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Looking Forward to it

Postby warhound » Fri Feb 13, 2004 3:52 pm

I'm an occasional fan of Mercedes Lackey and am looking forward to this several reasons.

For one it seems there has been a trend in a a lot of gaming groups (or maybe its always been this way and I just never noticed) to play dark characters that are less than heroic. I understand the roleplaying allure of doing so, but I think it might be refreshing to play in a game that sounds like it is designed for the good guys.

I would also like to see more romance and character development in games. Oddly enough some of the most satisfying games I ever GMd or played in were with a gaming group in my mid teens when we actually did get into some really romantic storylines, and again in my mid 20s when I had a girlfriend that loved the Shadowrun and game and we had many emotional and sensual overtones to our games. Now that I am in my mid 30s I seem to have a harder time loosening up and brigning that kind of emotional content into things. Maybe a game like this will help me recapture a bit of that. It was great really thinking of the characters in the game as, well, characters, not just a collection of ability scores. It was such a rewarding experience to delve deeply into the lives and relationships of the characters. It made the other parts of the game a lot more intense when you were fighting for something with an emotional value tied to it, instead of just another piece of loot or the chance to level.

As others have stated it may also be a way to finally persuade my wife to GM somehting. The real problem I have with something like this coming out is the likelihood I will get to run it, but never get a chance to play myself.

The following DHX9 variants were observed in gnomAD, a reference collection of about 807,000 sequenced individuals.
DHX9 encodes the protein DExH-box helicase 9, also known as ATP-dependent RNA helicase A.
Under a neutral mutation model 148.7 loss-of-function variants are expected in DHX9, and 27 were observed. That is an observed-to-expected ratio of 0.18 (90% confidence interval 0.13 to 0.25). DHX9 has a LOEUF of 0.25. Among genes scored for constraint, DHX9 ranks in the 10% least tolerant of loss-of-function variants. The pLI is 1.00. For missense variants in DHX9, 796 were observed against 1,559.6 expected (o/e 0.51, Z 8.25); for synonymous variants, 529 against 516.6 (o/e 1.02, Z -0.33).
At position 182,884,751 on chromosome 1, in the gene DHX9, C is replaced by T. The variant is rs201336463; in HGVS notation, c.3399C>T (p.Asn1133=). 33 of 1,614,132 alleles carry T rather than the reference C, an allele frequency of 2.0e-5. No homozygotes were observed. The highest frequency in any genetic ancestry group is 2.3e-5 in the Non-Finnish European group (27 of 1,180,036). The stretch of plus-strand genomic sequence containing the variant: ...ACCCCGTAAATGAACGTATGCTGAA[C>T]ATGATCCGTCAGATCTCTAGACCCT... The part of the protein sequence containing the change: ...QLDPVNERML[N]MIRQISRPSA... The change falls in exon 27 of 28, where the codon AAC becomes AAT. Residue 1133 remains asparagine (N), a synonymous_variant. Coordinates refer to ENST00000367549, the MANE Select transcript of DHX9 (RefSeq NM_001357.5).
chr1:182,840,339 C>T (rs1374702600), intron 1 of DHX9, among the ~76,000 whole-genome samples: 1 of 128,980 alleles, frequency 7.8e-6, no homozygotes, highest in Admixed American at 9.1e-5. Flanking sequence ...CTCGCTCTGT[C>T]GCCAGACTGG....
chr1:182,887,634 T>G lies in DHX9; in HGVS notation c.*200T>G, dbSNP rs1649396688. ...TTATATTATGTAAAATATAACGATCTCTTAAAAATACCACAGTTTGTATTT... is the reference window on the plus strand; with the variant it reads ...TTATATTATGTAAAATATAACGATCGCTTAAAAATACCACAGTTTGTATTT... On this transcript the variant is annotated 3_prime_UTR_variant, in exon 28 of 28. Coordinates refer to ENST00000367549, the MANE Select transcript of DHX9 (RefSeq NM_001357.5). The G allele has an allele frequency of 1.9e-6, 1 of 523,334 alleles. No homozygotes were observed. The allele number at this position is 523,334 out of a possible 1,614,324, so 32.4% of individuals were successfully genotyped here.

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Game Mechanics

Postby warhound » Fri Feb 13, 2004 4:58 pm

My only experience with Green Ronin so far has been Mutants and Masterminds, but since I started running that game I've been toying with the idea of using their combat system in a fantasy setting.

If you look at a lot of the great fantasy epics and movies you often have great battles where the heroes slog through countless oppnents in fairly rapid fashion, and only have truly difficult combat when confronted with the leaders or main villians. The MM system really supports this type of action. You just don't see it in most D&D games where anything that can be easily defeated usually isn't worth the experience to try.

This may seem at odds with my earlier post and the intended mood of the game, but I don't think it is. Having a game with more emotional and social contentt does not rule out having great combats and melees, hopefully it just means the fgithing will not be the goal itself and the mechanics won't bog down the storyline.